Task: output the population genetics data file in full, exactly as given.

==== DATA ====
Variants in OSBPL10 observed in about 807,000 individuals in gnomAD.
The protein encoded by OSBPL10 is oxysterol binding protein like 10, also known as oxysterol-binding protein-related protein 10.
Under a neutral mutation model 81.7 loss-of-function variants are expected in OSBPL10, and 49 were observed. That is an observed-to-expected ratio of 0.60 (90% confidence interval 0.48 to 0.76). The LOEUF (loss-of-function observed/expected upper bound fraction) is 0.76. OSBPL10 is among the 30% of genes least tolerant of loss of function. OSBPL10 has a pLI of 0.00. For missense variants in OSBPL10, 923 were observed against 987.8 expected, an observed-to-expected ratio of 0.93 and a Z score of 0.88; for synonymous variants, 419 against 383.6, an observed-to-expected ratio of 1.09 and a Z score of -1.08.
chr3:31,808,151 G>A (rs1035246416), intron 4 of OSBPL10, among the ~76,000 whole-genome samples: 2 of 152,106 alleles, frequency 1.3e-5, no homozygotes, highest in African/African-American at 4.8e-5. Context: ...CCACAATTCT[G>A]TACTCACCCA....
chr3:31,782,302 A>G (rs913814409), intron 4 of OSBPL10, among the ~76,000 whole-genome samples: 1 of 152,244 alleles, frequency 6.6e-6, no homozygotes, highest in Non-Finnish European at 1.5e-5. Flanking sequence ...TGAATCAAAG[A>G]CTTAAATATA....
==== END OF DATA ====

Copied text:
Variants in OSBPL10 observed in about 807,000 individuals in gnomAD.
The protein encoded by OSBPL10 is oxysterol binding protein like 10, also known as oxysterol-binding protein-related protein 10.
Under a neutral mutation model 81.7 loss-of-function variants are expected in OSBPL10, and 49 were observed. That is an observed-to-expected ratio of 0.60 (90% confidence interval 0.48 to 0.76). The LOEUF (loss-of-function observed/expected upper bound fraction) is 0.76. OSBPL10 is among the 30% of genes least tolerant of loss of function. OSBPL10 has a pLI of 0.00. For missense variants in OSBPL10, 923 were observed against 987.8 expected, an observed-to-expected ratio of 0.93 and a Z score of 0.88; for synonymous variants, 419 against 383.6, an observed-to-expected ratio of 1.09 and a Z score of -1.08.
chr3:31,808,151 G>A (rs1035246416), intron 4 of OSBPL10, among the ~76,000 whole-genome samples: 2 of 152,106 alleles, frequency 1.3e-5, no homozygotes, highest in African/African-American at 4.8e-5. Context: ...CCACAATTCT[G>A]TACTCACCCA....
chr3:31,782,302 A>G (rs913814409), intron 4 of OSBPL10, among the ~76,000 whole-genome samples: 1 of 152,244 alleles, frequency 6.6e-6, no homozygotes, highest in Non-Finnish European at 1.5e-5. Flanking sequence ...TGAATCAAAG[A>G]CTTAAATATA....